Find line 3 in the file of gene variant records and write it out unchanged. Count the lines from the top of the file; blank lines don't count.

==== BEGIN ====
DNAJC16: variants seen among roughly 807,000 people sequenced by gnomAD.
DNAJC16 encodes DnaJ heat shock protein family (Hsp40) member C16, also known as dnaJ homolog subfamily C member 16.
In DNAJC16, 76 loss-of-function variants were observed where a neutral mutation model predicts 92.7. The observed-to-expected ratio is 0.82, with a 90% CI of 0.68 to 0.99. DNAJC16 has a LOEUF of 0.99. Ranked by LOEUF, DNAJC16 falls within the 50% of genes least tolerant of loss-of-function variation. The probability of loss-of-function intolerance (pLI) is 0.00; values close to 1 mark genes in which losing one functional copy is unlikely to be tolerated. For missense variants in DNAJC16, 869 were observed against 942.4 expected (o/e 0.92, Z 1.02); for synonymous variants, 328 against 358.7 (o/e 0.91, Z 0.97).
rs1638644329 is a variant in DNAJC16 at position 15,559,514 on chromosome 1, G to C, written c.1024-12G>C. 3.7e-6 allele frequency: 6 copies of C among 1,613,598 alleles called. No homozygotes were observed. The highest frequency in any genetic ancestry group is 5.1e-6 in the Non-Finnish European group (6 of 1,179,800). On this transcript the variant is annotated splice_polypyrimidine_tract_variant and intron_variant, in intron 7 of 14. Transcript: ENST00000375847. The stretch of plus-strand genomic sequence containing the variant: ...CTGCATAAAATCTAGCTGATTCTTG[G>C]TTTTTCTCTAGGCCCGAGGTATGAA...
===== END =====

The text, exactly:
In DNAJC16, 76 loss-of-function variants were observed where a neutral mutation model predicts 92.7. The observed-to-expected ratio is 0.82, with a 90% CI of 0.68 to 0.99. DNAJC16 has a LOEUF of 0.99. Ranked by LOEUF, DNAJC16 falls within the 50% of genes least tolerant of loss-of-function variation. The probability of loss-of-function intolerance (pLI) is 0.00; values close to 1 mark genes in which losing one functional copy is unlikely to be tolerated. For missense variants in DNAJC16, 869 were observed against 942.4 expected (o/e 0.92, Z 1.02); for synonymous variants, 328 against 358.7 (o/e 0.91, Z 0.97).